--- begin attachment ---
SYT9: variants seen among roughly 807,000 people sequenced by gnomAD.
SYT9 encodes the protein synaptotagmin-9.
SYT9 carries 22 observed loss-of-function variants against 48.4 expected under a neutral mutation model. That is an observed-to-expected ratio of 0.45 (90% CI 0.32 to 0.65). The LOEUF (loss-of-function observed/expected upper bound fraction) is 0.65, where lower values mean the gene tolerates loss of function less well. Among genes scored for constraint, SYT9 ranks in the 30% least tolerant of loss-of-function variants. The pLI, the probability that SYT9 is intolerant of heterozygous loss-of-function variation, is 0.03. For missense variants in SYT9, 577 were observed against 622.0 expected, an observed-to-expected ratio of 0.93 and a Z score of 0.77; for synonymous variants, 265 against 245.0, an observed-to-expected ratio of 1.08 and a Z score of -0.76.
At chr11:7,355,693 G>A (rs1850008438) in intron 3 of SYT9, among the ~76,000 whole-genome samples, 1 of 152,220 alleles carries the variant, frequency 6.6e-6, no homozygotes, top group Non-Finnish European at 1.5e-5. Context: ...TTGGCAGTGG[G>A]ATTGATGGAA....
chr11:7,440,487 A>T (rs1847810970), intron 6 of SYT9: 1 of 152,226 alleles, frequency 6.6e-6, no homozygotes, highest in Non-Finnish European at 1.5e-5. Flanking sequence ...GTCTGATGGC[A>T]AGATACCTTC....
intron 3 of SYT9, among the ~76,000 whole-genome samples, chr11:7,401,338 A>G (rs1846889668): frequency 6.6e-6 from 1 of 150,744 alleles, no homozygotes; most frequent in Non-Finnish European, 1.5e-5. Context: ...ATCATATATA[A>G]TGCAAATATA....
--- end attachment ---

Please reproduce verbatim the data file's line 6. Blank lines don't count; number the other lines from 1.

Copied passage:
intron 3 of SYT9, among the ~76,000 whole-genome samples, chr11:7,401,338 A>G (rs1846889668): frequency 6.6e-6 from 1 of 150,744 alleles, no homozygotes; most frequent in Non-Finnish European, 1.5e-5. Context: ...ATCATATATA[A>G]TGCAAATATA....